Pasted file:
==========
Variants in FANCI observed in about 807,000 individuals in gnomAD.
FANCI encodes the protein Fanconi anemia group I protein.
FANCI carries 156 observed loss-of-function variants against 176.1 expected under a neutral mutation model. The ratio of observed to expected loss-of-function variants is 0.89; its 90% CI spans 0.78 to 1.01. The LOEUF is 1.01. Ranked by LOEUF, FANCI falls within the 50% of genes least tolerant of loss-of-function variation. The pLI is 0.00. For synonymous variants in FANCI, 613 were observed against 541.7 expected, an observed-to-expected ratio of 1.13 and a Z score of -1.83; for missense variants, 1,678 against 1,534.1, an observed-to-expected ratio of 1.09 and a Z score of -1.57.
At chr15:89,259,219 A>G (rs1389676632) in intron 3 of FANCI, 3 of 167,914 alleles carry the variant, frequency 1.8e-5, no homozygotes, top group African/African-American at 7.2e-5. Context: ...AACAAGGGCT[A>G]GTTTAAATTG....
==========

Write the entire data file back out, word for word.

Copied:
Variants in FANCI observed in about 807,000 individuals in gnomAD.
FANCI encodes the protein Fanconi anemia group I protein.
FANCI carries 156 observed loss-of-function variants against 176.1 expected under a neutral mutation model. The ratio of observed to expected loss-of-function variants is 0.89; its 90% CI spans 0.78 to 1.01. The LOEUF is 1.01. Ranked by LOEUF, FANCI falls within the 50% of genes least tolerant of loss-of-function variation. The pLI is 0.00. For synonymous variants in FANCI, 613 were observed against 541.7 expected, an observed-to-expected ratio of 1.13 and a Z score of -1.83; for missense variants, 1,678 against 1,534.1, an observed-to-expected ratio of 1.09 and a Z score of -1.57.
At chr15:89,259,219 A>G (rs1389676632) in intron 3 of FANCI, 3 of 167,914 alleles carry the variant, frequency 1.8e-5, no homozygotes, top group African/African-American at 7.2e-5. Context: ...AACAAGGGCT[A>G]GTTTAAATTG....